A book that is 18 years in the writing deserves to be read. So even though I set it aside after reading about 20 pages, I came back to J. Morris Lavallee’s Cracks in the Wall a couple of weeks later. And I’m so glad I did.
Morris, who lives in Brunswick, is an interesting guy, a disable veteran, a rock band musician, and a writer. State Representative Kerri Bickford called him to my attention, insisting that I get a copy of his book, read it, and get to know Morris. Here’s how he describes himself in the book’s introduction:
“J. Morris Lavallee is a student of human behavior, always searching for the answers to life’s conditions. He is a father of three, a divorcee, a veteran, a machinist, a fabricator and a musician.”
In a special author’s note, Morris dedicates the book to his three children, four ex-wives, family and friends.
Friend Gary Babine chimed in with a special opening note: “Morris and I have been friends for about 20 years. For about 15 of those years, every once in a while he would say he was writing a book. I never thought he would finish it. In 2010 during the winter he found himself homeless. He decided to lock himself in a friend’s heated garage and finish the book. One day he handed me part of the first draft and said, “Read the first page.” Eight pages later I realized the book had sucked me in on the first page. The finished product has more twists and turns than a young break-dancer. Don’t miss this one. Thank you Morris.”
Morris acknowledges that, “I started it eighteen years ago while I was hospitalized for post traumatic stress disorder, doing the thorazine shuffle in the psychiatric ward of the V.A. hospital in Togus, Maine. When my head started to clear from all the meds, I would listen to the other vets’ stories about the difficulties in life they had, and how it affected their lives and the lives of everyone else in their path.”
From his own experiences and those stories from other veterans, Morris created this work of fiction. The principle character, Peter Davies, a Viet Nam veteran, is carted off to a psychiatric hospital after standing in front of the Vietnam War Memorial for 24-hours, talking to himself.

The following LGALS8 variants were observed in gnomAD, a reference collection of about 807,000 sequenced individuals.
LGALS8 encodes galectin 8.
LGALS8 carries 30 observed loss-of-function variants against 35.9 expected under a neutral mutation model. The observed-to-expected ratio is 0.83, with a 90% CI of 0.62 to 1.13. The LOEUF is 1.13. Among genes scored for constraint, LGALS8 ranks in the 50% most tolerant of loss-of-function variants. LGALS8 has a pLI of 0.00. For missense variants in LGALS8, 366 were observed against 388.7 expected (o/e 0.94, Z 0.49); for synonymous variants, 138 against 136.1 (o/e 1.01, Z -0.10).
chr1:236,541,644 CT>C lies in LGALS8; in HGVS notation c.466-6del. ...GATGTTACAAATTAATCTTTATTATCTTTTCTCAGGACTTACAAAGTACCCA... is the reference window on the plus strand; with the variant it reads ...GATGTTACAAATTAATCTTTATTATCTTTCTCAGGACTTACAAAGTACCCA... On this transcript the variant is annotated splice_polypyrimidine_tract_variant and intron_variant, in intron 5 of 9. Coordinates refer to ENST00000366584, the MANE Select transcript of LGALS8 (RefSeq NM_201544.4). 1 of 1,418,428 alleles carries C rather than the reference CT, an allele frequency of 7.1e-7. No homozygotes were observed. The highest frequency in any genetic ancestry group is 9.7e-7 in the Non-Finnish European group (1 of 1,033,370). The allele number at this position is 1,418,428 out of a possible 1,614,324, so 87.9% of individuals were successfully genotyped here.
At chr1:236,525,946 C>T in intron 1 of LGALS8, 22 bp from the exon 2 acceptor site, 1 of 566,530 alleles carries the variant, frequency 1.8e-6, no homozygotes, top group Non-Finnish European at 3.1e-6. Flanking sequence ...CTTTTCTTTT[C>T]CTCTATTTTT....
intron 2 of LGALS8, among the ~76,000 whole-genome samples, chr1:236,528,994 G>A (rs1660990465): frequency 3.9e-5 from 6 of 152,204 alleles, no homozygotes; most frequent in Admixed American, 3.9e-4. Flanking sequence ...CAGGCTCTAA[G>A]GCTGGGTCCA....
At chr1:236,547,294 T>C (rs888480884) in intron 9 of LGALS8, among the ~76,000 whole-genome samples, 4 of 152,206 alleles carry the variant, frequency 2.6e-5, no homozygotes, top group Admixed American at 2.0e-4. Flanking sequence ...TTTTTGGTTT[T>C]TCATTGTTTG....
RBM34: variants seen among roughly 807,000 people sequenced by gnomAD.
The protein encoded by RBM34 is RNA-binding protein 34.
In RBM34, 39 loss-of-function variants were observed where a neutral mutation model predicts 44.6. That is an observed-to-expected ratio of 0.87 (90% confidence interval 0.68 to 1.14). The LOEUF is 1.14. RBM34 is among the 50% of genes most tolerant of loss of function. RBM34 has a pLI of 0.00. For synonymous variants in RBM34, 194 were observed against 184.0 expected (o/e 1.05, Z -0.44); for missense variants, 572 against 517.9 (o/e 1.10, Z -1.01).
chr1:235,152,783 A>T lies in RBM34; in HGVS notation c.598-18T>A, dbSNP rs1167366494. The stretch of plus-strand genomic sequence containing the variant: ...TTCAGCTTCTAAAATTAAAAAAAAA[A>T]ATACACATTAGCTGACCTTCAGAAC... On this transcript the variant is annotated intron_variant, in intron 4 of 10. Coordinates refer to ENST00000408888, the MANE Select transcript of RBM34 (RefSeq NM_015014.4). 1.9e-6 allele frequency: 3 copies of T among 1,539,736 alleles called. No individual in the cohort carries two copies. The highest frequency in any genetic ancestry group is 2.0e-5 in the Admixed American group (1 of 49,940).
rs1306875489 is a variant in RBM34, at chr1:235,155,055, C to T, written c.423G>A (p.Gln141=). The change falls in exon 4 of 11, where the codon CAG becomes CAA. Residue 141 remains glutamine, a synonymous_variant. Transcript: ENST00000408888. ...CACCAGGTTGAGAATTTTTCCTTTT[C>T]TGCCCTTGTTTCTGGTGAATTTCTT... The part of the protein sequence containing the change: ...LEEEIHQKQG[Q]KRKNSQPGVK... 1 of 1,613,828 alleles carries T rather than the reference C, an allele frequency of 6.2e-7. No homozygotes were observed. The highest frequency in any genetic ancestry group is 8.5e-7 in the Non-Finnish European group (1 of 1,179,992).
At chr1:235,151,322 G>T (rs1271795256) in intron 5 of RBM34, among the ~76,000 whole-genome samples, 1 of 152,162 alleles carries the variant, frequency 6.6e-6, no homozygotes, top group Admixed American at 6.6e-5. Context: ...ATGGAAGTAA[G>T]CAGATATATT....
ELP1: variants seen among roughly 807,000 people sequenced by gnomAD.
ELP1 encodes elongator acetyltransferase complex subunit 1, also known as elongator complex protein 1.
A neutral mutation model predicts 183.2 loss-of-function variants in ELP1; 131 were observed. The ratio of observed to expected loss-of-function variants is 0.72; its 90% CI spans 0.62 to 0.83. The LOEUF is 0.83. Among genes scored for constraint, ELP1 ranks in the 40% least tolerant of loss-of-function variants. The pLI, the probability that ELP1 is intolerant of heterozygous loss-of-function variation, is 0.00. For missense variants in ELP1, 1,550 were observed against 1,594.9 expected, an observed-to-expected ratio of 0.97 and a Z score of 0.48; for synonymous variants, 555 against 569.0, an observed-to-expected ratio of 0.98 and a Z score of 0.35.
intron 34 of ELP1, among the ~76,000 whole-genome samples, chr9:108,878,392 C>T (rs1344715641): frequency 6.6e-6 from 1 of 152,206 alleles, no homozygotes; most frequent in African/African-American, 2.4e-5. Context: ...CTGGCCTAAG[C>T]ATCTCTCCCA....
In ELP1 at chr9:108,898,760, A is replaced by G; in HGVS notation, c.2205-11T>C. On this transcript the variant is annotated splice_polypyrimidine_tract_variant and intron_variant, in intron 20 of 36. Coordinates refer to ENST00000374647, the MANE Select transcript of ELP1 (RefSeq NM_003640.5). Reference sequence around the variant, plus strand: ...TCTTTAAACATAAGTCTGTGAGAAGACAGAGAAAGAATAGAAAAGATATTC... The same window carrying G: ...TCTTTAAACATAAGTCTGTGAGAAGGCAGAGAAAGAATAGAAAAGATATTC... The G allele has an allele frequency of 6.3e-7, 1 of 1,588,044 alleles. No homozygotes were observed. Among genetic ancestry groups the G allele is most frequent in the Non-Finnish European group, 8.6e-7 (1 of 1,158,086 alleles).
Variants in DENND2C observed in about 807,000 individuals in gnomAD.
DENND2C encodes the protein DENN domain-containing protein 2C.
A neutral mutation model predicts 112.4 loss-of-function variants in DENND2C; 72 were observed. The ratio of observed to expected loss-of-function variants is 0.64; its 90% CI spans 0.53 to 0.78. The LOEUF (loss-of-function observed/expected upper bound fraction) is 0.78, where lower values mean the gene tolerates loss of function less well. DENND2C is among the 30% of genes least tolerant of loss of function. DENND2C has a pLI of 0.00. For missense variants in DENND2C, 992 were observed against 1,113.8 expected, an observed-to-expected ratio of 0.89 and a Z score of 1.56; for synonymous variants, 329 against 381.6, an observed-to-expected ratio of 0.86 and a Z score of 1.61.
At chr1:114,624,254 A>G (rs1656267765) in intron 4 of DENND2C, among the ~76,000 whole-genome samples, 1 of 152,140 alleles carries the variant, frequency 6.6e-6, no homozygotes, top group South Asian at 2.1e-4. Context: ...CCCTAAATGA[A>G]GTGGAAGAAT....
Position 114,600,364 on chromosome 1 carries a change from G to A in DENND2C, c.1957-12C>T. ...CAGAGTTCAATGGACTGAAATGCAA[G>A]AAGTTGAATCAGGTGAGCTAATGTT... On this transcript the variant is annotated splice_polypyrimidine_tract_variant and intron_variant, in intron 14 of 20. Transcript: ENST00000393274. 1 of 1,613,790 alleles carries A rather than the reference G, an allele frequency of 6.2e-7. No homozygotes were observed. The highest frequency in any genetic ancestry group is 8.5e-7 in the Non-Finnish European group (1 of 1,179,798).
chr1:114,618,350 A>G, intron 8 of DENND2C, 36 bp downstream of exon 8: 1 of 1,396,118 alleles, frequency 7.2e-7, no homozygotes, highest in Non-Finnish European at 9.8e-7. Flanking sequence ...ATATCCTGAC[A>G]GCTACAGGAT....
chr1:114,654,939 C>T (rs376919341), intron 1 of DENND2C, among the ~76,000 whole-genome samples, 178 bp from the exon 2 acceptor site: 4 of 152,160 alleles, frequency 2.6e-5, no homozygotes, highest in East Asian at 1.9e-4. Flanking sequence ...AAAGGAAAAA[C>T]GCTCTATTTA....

Throughout the story, Davies spills his guts to his doctor, culminating in an ending that may surprise you.
The book could have used a good editor. There are many printing and grammatical mistakes, missing words, and other errors. And at 439 pages, it requires a significant time commitment.
It will be worth every minute. When I told a good friend, a Viet Nam veteran who suffers from PTSD, about the book and offered it to him to read, he said he’d just had two really difficult weeks and avoided anything that reminded him of his own terrible experiences in that war. That was sobering.
For the rest of us, this is a very compelling read. I found myself pausing often, wondering how much of the story was Morris’s own. I found the answer in an interesting interview with Morris by Tom Atwell, published in the Portland Press Herald on August 22, 2010.
There is some humor here, a lot of good dialogue, some tears, and valuable insight into the lives of those who returned from Viet Nam with wounds that couldn’t be seen and never were healed. For them, you should read this.
Get the Book
Online from Amazon, for Kindle, for $2.99.
'Cracks In the Wall' is available at the following stores:
Warming's Market, 294 Main Street, Brunswick, Maine. They are open 8-8 Monday through Saturday, closed Sunday.
Longfellow Books, One Monument Way (in Monument Square), Portland, Maine.
Maine Coast Book Shop & Cafe, 158 Main Street, Damariscotta, Maine 04543. A book reading is planned for a future date in this location.
Starbucks in Topsham (11 Winners Circle, next to the Shop & Save in the Topsham Fair Mall) - a book sale by the author, table to be set up in the lobby. Date to be announced.
Participation in a "meet the local authors" table at Harpswell Festival on July 29th.
Morris also has a separate Facebook page for 'Cracks in the wall' entitled Cracks in the Wall.